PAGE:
On Climate, Weathering, and Siliciclastic Sedimentation in Tropical Lacustrine Rift Basins
McGlue, Michael; Ivory, Sarah; Ellis, Geoffrey; Boehlke, Adam; Blome, Margaret; Cohen, Andrew; Lyons, Robert; Scholz, Christopher
Although conceptual source-to-sink models have existed for many years, a dearth of sufficiently long-duration and well-dated sediment archives has prevented more rigorous examinations of the sediment routing system that links tropical rift basins with their hinterlands. In particular, feedbacks between climate change and weathering are still poorly understood. Using data from the Lake Malawi Drilling Project (East Africa), we examined the relationships between climate, vegetation, fire, and sedimentation over what is believed to be the Penultimate Glaciation (PG) and Marine Oxygen Isotope Stage 5e (MIS 5e). To this end, we developed complementary datasets on a stratigraphically well-constrained ~40 m section of drill core, including: terrigenous particle size, clay mineralogy, fossil pollen, and charcoal fragments. The results show that climatic controls on hinterland forest composition and grassland extent may be critically important to patterns of weathering, associated sedimentary processes, and the accumulation of siliciclastics downdip. In general, peaks in insolation correlate with high precipitation and elevated ratios of tree-to-herb pollen. Silty detritus dominates at an insolation peak during the PG, when drought-intolerant evergreen trees were abundant on the hinterland landscape. By contrast, a peak in sandy detritus at MIS 5e correlates with palynological evidence that shows the hinterland was dominated by open canopy, drought-resistant deciduous trees. Pronounced wildfires at this time may have further conditioned the hinterland for sediment transport, prior to heavy seasonal rainfall. Clay minerals, particularly the ratio of kaolinite to smectite, track the change in forest composition, with their highest values coinciding with the evergreen phase, consistent with heavy leaching driven by extended wet seasons during that time, whereas leaching is lower and more variable during MIS 5e. During intervals of low insolation, aridity prevailed upon the Lake Malawi catchment, leading to grassland development and clay minerals dominated by smectite. Our results have implications for source rock quality in rifts, particularly for predicting patterns of siliciclastic dilution of organic-rich muds and nutrient recharge of surface waters during lake level highstands. The results are also relevant for understanding lacustrine reservoirs, especially with respect to the prediction of conventional deepwater sands and unconventional shale plays.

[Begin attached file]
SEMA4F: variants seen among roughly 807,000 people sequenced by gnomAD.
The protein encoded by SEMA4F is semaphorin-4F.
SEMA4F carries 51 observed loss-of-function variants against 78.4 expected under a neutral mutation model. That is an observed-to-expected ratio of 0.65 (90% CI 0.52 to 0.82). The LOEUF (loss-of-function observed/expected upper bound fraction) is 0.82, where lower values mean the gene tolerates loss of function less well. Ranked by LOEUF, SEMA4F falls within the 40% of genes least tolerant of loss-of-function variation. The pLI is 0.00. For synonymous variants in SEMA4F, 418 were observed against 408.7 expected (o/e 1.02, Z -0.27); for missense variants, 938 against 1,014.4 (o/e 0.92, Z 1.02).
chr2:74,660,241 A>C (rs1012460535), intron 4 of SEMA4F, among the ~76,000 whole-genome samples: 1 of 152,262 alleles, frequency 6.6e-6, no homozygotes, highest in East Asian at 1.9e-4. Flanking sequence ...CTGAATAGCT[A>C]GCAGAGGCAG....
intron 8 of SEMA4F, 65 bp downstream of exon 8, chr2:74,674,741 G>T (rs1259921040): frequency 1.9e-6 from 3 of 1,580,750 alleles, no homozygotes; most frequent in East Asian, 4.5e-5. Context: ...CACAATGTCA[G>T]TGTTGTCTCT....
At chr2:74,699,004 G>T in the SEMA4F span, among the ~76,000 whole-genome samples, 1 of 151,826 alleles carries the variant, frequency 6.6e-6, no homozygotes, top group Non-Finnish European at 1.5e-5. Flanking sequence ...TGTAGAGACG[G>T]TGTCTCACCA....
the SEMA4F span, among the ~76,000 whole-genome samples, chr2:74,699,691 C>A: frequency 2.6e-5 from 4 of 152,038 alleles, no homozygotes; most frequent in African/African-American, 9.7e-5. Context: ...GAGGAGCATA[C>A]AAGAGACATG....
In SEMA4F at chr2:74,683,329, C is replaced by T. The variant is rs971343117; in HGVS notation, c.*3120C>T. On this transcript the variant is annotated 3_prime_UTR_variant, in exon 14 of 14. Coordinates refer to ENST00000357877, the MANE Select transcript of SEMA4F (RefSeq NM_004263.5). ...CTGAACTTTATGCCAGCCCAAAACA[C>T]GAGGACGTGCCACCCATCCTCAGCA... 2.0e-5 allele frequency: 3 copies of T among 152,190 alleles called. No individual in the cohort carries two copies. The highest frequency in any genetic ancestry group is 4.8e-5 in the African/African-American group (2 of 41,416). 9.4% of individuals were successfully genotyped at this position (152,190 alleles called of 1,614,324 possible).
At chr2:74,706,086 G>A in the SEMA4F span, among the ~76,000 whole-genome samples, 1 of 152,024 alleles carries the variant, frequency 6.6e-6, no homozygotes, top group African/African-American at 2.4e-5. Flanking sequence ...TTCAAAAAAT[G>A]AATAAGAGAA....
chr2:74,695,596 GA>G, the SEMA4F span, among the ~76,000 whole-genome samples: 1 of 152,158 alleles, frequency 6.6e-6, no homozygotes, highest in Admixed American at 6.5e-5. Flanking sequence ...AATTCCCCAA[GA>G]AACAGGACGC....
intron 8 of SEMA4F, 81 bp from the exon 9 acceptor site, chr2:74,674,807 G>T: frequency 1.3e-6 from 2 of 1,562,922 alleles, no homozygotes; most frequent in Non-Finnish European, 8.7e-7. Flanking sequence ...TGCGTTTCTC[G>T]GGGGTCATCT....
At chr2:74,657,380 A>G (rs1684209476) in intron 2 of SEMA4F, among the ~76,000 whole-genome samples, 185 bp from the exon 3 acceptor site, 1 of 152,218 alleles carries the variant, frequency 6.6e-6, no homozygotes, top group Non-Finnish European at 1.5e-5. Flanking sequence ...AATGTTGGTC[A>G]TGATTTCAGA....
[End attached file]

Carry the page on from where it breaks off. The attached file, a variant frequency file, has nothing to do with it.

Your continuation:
AAPG Search and Discovery Article #90163©2013AAPG 2013 Annual Convention and Exhibition, Pittsburgh, Pennsylvania, May 19-22, 2013